So named because of its situation on the James River midway between Richmond and Lynchburg, this prodigious stone structure was built in 1787 for William H. Cabell, governor of Virginia from 1805 to 1808. According to tradition, the mill was constructed by Italian shipbuilders stranded in Virginia after the cancellation of a ship construction project. During the mid-19th century the mill became a familiar landmark for travelers on the adjacent James River and Kanawha Canal. The canal traffic prompted the establishment of a small settlement here to serve the passengers and boatmen. Midway Mill remained in operation until ca. 1925. Although one of Virginia’s finest historic mills, at the time of its listing the deteriorating structure stood vacant and unmaintained for several decades. Dismantling of the mill began in early 1999, and it was delisted in 2001.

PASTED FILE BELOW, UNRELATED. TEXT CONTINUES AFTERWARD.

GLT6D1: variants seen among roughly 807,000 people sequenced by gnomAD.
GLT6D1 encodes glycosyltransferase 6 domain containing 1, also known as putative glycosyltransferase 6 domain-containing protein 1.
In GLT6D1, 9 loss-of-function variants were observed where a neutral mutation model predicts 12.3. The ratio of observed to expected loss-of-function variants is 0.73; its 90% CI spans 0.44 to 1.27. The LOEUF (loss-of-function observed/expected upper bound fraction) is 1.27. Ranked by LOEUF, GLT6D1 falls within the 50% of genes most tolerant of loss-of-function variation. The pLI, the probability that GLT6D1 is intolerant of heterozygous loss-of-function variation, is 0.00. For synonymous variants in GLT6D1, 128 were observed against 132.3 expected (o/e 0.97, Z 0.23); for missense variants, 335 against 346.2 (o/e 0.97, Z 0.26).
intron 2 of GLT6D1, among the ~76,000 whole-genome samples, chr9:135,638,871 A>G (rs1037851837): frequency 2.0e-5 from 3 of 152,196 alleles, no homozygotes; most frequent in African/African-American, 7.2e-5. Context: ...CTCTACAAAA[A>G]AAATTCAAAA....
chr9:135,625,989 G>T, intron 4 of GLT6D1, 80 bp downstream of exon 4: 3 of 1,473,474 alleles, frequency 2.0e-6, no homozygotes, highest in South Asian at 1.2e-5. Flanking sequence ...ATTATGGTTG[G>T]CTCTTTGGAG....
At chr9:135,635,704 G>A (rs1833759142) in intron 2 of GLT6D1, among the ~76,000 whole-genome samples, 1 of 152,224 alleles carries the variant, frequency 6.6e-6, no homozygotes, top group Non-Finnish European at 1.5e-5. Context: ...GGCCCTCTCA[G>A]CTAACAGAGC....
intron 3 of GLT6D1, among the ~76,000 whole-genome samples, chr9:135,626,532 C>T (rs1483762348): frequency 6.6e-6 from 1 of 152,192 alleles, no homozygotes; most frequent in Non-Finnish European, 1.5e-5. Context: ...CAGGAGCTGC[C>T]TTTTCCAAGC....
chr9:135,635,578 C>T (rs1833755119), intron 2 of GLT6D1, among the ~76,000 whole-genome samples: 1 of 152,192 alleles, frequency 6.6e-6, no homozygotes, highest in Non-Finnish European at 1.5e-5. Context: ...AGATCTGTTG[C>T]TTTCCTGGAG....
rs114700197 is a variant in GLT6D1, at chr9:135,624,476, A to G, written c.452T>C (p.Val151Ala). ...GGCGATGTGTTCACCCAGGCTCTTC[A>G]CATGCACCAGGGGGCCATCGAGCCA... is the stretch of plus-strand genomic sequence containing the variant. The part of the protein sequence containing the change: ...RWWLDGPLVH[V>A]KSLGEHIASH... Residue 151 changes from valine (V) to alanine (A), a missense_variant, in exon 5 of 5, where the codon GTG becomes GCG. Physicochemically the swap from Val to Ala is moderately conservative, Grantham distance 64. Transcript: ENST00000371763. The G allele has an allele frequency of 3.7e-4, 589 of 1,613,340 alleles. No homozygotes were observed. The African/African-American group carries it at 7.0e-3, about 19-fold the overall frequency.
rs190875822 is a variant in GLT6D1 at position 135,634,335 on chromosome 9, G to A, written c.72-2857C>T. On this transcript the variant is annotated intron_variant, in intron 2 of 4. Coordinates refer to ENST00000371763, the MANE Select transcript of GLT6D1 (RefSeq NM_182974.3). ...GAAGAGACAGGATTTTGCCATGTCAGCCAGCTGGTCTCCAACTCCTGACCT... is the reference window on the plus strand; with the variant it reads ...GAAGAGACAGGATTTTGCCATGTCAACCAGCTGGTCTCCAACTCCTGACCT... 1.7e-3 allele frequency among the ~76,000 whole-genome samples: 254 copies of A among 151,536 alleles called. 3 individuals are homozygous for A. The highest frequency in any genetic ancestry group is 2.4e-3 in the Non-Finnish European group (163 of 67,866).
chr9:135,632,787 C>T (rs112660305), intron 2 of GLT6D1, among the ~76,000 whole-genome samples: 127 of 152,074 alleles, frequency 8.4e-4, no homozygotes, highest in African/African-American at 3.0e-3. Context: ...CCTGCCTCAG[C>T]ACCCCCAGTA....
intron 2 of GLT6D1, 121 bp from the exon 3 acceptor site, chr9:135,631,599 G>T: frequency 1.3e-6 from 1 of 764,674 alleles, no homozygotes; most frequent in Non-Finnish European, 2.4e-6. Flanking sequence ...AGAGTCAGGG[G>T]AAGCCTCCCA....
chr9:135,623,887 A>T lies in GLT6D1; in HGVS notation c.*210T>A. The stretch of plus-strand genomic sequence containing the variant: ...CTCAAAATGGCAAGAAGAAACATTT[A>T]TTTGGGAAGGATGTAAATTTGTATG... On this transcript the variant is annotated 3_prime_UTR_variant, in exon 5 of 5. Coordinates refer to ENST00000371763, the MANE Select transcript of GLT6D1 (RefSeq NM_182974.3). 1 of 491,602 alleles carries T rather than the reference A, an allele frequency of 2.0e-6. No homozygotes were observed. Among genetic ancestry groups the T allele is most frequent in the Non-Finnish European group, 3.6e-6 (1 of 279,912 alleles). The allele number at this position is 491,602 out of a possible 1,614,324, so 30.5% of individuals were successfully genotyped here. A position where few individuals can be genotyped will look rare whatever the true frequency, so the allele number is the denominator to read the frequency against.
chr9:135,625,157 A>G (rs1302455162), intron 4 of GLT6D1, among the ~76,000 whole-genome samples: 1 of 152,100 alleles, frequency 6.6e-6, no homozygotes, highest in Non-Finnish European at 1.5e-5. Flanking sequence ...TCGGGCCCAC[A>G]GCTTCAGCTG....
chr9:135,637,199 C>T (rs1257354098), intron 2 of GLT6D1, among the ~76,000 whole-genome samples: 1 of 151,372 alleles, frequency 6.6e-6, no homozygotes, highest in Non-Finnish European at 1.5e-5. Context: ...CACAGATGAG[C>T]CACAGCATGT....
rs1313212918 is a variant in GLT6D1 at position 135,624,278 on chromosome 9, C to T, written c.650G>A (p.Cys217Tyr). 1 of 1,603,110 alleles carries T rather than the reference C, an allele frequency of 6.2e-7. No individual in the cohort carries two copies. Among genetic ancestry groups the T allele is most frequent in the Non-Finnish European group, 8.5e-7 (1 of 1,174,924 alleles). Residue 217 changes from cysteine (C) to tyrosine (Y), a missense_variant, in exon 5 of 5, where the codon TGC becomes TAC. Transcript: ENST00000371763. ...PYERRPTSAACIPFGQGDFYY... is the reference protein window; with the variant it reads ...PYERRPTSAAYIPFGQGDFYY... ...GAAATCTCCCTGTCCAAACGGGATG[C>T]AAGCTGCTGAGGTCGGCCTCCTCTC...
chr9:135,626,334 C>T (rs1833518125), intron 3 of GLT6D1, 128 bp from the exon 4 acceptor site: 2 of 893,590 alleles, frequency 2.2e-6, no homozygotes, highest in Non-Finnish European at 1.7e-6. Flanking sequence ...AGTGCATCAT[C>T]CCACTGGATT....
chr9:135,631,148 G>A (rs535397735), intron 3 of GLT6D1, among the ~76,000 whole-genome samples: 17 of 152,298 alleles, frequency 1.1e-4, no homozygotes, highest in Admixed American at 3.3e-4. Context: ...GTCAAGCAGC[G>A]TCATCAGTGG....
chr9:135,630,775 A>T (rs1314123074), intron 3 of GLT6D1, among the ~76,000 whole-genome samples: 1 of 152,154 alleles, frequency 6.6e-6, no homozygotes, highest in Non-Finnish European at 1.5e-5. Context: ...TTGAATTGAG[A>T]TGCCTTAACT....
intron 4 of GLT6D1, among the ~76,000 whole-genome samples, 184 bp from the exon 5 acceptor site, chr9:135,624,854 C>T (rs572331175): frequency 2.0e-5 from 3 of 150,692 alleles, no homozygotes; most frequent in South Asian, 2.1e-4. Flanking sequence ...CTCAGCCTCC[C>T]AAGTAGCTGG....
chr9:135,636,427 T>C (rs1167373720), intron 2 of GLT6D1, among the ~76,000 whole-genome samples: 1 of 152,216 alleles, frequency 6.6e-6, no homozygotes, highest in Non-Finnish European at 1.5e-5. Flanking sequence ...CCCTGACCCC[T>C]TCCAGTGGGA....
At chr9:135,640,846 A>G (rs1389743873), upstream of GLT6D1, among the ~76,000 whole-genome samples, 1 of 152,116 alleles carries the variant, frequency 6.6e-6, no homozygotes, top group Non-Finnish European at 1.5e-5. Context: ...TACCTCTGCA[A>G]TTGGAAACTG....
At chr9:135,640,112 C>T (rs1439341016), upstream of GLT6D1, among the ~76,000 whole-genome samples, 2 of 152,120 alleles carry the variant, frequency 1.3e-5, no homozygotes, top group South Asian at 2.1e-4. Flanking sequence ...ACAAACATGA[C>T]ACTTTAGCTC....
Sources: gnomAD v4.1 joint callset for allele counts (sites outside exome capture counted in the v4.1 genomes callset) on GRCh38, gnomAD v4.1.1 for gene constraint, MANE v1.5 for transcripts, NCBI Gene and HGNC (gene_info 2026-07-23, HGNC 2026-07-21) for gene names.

Many properties listed in the registers are private dwellings and are not open to the public, however many are visible from the public right-of-way. Please be respectful of owner privacy.
VLR: Virginia Landmarks Register
NPS: National Park Service
NRHP: National Register of Historic Places
NHL: National Historic Landmark